Posted by: M.J. Bolstad | January 1, 2012

Solo in Kona: My Hawaii Adventure Day #4

You can even see the rainbow!

Hau’oli Makahiki Hou!

As I learned yesterday on my volcano tour, this is how you say Happy New Year in Hawaii, and so it seems fitting to use it here.  I will admit, however, that I did have to google it once I got back because I wasn’t sure how to spell it.  It is a very good thing I did, since I would have gotten it dead wrong.

My day four blog is a wee bit delayed, as you will note.  Rather than getting it written at the end of my day, I am currently writing it while sipping coffee in bed, because yesterday was a very long day and it was all I could do to keep myself awake to see the new year in. Writing something coherent about the day’s adventure was beyond my powers.

I got up early in the morning so that I could have breakfast before I was picked up for the volcano and lava combo tour.  I sometimes need a few hours before I can stomach food, and yesterday was one of those days.  Even though the oatmeal I ordered was very good, I couldn’t finish all of it.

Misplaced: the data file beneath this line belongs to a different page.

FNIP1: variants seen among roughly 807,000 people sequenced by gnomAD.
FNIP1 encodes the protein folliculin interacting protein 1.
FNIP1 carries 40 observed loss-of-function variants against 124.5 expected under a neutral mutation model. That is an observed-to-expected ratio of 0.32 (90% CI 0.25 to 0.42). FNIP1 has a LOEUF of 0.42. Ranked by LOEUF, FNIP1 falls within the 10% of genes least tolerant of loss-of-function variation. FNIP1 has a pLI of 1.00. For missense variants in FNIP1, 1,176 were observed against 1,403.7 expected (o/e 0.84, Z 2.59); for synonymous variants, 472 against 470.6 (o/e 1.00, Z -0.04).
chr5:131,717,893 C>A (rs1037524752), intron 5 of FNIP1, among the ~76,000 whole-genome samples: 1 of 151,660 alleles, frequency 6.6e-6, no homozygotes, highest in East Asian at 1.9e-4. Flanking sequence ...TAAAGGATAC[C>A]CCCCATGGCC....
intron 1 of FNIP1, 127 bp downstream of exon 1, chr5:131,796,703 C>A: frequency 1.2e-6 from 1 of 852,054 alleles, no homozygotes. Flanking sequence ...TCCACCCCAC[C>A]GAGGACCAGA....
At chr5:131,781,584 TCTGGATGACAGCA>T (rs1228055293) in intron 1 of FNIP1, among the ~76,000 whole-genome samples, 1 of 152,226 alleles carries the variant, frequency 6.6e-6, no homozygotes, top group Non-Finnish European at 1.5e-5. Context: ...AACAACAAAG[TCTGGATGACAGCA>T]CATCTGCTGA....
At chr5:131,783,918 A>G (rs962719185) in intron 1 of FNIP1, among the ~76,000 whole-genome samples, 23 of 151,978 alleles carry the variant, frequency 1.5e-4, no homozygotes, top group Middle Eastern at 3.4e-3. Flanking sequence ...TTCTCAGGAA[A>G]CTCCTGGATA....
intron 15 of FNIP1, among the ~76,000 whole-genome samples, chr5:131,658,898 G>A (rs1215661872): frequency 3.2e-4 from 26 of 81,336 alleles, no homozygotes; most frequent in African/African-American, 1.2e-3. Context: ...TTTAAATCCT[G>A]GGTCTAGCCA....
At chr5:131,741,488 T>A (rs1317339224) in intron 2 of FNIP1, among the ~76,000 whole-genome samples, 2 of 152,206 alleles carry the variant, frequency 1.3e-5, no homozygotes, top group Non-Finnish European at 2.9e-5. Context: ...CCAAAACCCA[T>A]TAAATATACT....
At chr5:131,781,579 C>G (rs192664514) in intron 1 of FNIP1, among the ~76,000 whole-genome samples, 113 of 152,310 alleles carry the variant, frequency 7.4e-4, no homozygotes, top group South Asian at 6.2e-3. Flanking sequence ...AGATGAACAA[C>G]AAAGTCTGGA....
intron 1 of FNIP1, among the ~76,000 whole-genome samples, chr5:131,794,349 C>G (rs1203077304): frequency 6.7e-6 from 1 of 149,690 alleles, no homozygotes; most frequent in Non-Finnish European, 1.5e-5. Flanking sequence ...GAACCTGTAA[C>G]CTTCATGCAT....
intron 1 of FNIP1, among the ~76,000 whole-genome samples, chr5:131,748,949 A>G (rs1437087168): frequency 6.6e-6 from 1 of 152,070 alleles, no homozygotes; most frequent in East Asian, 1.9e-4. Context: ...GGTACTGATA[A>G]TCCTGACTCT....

Hiking where lava once flowed.

The tour van showed up at my hotel right on time, and I was not the only pickup.  A couple from Memphis was staying at the hotel as well, and we were the last pick up.  The group was intimate, which was pretty great: Memphis’ Sam and Kimmy and I were joining Nerinne from London (though originally Sydney, where she’d just come from her family Christmas); our guide, Aaron; June and Jim from Mississippi; their daughter Cassandra from Houston; and Cassandra’s three boys, Spencer, Carter, and Bennet (who I will note is named for Austen’s Elizabeth Bennet, and I heartily approve).  Bennet and Spencer (unless I have the names mixed up) were 9 year-old twins, and Carter was 7 years old.  I was seated with Cassandra in the next to back row for the first leg of the journey (she would switch with her mom to move up from when the motion sickness got to her), with the three boys behind. They informed me they were playing Lord of the Rings.  Given an active volcano seems a fitting stand in for Mordor, I think they had it right. The boys were pretty rambunctious but mostly well-behaved.  I think Cassandra only threatened to throw them in the volcano once or twice.

Black Sands Beach